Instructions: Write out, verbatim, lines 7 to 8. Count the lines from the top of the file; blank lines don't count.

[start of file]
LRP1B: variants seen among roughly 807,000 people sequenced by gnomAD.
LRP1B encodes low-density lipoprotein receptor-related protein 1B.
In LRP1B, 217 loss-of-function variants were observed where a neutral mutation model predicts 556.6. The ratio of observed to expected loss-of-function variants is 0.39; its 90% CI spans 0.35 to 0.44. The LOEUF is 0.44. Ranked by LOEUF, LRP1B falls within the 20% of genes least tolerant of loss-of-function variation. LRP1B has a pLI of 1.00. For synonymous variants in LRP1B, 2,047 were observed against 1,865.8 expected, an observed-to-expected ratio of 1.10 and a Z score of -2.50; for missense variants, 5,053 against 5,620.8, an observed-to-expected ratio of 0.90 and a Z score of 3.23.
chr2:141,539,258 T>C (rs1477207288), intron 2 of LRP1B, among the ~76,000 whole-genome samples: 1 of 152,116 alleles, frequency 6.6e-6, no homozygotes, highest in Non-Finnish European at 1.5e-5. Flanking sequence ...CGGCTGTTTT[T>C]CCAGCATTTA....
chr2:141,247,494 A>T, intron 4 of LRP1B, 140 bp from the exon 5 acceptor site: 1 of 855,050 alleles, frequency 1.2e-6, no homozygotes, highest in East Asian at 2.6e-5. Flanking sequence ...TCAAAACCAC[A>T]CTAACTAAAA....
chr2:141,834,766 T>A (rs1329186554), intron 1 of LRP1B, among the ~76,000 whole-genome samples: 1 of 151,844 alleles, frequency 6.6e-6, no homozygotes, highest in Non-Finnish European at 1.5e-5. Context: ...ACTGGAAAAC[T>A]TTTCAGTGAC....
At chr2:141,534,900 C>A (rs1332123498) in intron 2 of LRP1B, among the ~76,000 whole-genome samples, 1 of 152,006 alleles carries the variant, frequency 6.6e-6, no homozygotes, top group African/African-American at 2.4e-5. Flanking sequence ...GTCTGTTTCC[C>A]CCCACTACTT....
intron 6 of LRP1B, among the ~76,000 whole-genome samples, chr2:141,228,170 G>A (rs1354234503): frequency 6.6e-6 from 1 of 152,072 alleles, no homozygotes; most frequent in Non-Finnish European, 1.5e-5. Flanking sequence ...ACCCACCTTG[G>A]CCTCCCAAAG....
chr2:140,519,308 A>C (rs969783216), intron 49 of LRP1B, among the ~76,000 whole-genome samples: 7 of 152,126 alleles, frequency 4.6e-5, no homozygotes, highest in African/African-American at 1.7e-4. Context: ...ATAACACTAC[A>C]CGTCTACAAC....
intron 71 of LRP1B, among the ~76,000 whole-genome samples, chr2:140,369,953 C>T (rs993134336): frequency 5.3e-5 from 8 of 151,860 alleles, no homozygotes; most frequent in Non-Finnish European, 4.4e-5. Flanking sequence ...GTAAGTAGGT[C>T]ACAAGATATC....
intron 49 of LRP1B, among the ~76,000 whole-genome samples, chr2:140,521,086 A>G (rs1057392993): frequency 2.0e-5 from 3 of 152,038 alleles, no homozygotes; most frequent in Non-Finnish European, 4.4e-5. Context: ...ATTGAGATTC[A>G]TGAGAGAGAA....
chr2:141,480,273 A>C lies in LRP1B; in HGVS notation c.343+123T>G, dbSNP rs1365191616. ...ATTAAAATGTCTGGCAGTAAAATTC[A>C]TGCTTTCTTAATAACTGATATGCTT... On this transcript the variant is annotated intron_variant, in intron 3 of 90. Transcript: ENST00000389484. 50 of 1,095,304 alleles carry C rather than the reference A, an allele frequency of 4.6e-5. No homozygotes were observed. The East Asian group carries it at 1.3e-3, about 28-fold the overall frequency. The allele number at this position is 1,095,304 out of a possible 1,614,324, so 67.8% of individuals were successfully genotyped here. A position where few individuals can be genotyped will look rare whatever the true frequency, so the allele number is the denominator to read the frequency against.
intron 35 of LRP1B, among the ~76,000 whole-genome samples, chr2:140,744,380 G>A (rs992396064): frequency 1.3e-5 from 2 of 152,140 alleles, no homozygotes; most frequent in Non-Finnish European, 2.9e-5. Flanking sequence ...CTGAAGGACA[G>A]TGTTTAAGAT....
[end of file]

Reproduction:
At chr2:141,534,900 C>A (rs1332123498) in intron 2 of LRP1B, among the ~76,000 whole-genome samples, 1 of 152,006 alleles carries the variant, frequency 6.6e-6, no homozygotes, top group African/African-American at 2.4e-5. Flanking sequence ...GTCTGTTTCC[C>A]CCCACTACTT....
intron 6 of LRP1B, among the ~76,000 whole-genome samples, chr2:141,228,170 G>A (rs1354234503): frequency 6.6e-6 from 1 of 152,072 alleles, no homozygotes; most frequent in Non-Finnish European, 1.5e-5. Flanking sequence ...ACCCACCTTG[G>A]CCTCCCAAAG....